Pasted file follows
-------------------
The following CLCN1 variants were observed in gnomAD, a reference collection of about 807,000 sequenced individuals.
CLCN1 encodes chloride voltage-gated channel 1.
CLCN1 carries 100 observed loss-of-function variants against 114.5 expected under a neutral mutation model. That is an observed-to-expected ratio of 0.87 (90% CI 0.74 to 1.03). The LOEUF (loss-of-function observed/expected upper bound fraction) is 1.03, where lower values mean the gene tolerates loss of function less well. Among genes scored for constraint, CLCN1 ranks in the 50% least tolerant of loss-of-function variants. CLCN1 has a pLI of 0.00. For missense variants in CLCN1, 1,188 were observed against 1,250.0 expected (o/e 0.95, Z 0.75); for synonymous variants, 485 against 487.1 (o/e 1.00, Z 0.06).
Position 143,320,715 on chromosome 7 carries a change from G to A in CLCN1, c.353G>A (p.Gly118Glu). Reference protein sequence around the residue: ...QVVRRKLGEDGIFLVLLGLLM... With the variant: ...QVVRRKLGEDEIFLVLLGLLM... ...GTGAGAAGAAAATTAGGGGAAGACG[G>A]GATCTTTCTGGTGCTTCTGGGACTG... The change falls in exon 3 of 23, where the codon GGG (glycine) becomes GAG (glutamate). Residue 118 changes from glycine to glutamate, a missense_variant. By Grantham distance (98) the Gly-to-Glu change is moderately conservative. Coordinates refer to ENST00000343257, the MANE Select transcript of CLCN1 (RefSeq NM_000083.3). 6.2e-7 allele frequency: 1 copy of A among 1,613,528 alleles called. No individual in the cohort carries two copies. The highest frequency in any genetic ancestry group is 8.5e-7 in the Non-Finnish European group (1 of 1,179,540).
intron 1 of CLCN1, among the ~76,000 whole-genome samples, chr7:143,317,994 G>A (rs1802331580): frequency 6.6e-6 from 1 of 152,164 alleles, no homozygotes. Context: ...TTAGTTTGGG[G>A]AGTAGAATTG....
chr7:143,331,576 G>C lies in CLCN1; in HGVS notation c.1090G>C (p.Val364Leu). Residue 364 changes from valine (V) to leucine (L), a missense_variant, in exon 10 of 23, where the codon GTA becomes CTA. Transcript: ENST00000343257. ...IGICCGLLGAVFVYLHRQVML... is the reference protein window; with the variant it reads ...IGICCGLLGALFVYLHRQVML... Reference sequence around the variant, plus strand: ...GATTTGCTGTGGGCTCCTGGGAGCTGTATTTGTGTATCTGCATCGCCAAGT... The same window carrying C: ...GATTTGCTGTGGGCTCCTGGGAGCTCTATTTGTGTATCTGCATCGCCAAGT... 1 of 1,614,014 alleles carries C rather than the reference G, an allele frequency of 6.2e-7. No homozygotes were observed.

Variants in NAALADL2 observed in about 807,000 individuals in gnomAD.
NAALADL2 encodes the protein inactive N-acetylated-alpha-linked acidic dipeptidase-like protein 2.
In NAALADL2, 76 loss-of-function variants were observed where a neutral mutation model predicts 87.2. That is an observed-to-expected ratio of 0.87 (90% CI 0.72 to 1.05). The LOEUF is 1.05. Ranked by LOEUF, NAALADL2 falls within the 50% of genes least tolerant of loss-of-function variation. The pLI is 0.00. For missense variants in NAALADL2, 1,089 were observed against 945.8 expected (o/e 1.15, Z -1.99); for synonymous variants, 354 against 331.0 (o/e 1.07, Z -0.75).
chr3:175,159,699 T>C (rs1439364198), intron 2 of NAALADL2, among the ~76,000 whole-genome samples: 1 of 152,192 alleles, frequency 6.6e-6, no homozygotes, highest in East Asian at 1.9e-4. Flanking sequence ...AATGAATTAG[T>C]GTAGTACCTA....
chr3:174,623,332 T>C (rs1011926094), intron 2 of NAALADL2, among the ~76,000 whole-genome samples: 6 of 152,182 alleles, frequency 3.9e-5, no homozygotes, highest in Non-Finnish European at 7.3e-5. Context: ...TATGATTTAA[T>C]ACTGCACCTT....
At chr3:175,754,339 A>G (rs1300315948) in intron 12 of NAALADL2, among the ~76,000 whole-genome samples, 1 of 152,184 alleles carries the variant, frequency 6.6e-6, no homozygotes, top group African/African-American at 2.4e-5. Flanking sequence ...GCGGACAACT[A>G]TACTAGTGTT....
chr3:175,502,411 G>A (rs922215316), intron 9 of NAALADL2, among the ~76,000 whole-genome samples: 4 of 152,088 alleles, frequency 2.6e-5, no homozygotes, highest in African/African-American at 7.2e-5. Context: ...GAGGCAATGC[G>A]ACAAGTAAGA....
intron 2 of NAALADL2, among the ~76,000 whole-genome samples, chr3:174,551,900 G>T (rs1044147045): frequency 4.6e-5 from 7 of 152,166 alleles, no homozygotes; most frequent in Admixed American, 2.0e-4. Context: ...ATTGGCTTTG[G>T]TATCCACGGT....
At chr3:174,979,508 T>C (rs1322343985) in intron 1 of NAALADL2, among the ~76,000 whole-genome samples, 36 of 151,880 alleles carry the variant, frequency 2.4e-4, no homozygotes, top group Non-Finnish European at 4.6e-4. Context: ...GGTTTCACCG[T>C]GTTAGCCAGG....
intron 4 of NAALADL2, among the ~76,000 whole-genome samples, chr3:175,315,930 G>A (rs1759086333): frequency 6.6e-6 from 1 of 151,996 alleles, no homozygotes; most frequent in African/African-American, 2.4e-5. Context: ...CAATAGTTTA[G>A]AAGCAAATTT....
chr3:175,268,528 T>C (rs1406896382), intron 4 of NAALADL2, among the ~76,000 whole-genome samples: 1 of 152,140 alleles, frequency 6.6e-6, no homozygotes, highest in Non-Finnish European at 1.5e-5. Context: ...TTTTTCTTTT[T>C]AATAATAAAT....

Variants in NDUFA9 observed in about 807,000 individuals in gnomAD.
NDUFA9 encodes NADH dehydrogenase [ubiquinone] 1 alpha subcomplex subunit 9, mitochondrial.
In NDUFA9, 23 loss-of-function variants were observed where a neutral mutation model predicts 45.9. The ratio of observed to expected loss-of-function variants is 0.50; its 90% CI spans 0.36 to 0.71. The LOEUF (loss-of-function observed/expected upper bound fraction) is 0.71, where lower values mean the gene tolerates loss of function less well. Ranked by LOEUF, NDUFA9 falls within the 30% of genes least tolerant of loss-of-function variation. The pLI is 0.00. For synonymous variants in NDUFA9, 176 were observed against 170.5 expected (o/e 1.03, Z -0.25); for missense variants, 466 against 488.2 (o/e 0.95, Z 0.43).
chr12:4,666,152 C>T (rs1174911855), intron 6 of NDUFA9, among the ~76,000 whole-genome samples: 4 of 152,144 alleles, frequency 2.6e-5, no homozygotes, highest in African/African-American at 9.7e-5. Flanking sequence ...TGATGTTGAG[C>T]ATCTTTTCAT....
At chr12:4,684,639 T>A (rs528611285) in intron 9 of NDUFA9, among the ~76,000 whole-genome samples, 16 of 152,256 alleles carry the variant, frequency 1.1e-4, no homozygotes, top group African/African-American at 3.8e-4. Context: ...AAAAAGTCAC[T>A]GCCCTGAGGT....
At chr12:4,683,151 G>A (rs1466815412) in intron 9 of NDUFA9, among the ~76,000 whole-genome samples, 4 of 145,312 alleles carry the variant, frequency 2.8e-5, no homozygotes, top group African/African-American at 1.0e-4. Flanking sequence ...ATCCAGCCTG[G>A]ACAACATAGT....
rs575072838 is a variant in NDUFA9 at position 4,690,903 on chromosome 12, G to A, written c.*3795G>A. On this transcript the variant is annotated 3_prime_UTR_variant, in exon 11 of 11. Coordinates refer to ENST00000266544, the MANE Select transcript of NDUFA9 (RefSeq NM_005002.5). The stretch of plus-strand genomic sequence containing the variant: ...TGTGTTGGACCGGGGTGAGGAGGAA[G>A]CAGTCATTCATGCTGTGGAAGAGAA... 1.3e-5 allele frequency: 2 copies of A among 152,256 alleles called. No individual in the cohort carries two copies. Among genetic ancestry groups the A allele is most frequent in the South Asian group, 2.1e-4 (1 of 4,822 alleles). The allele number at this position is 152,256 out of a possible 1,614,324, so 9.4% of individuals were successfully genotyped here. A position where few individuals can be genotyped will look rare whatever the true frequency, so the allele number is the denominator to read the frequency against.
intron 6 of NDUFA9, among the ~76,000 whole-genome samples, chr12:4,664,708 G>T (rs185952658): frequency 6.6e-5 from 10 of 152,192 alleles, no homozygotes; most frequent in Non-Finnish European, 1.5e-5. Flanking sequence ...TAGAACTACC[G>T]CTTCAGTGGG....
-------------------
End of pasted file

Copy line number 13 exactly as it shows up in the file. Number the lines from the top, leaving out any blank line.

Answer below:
chr3:175,502,411 G>A (rs922215316), intron 9 of NAALADL2, among the ~76,000 whole-genome samples: 4 of 152,088 alleles, frequency 2.6e-5, no homozygotes, highest in African/African-American at 7.2e-5. Context: ...GAGGCAATGC[G>A]ACAAGTAAGA....